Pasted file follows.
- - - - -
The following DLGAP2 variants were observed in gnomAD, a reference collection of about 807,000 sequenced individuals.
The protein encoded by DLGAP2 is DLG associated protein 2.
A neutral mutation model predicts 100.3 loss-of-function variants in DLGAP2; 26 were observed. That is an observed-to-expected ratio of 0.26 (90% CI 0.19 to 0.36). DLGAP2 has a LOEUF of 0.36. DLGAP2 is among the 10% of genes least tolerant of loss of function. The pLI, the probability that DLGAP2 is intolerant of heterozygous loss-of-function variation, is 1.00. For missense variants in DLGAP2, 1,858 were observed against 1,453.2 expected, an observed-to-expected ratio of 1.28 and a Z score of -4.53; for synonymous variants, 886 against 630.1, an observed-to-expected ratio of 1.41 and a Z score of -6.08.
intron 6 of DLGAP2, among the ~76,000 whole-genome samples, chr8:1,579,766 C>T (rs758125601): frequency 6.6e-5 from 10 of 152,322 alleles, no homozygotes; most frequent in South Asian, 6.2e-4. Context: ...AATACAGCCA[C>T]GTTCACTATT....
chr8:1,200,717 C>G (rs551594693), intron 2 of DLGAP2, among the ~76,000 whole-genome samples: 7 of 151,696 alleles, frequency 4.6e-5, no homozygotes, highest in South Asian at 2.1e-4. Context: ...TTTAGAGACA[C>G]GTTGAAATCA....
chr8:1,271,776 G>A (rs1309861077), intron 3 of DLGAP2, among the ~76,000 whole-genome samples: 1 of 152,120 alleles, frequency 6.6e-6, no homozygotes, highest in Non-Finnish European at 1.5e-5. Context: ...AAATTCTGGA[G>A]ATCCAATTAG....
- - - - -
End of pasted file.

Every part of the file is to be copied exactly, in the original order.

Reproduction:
The following DLGAP2 variants were observed in gnomAD, a reference collection of about 807,000 sequenced individuals.
The protein encoded by DLGAP2 is DLG associated protein 2.
A neutral mutation model predicts 100.3 loss-of-function variants in DLGAP2; 26 were observed. That is an observed-to-expected ratio of 0.26 (90% CI 0.19 to 0.36). DLGAP2 has a LOEUF of 0.36. DLGAP2 is among the 10% of genes least tolerant of loss of function. The pLI, the probability that DLGAP2 is intolerant of heterozygous loss-of-function variation, is 1.00. For missense variants in DLGAP2, 1,858 were observed against 1,453.2 expected, an observed-to-expected ratio of 1.28 and a Z score of -4.53; for synonymous variants, 886 against 630.1, an observed-to-expected ratio of 1.41 and a Z score of -6.08.
intron 6 of DLGAP2, among the ~76,000 whole-genome samples, chr8:1,579,766 C>T (rs758125601): frequency 6.6e-5 from 10 of 152,322 alleles, no homozygotes; most frequent in South Asian, 6.2e-4. Context: ...AATACAGCCA[C>T]GTTCACTATT....
chr8:1,200,717 C>G (rs551594693), intron 2 of DLGAP2, among the ~76,000 whole-genome samples: 7 of 151,696 alleles, frequency 4.6e-5, no homozygotes, highest in South Asian at 2.1e-4. Context: ...TTTAGAGACA[C>G]GTTGAAATCA....
chr8:1,271,776 G>A (rs1309861077), intron 3 of DLGAP2, among the ~76,000 whole-genome samples: 1 of 152,120 alleles, frequency 6.6e-6, no homozygotes, highest in Non-Finnish European at 1.5e-5. Context: ...AAATTCTGGA[G>A]ATCCAATTAG....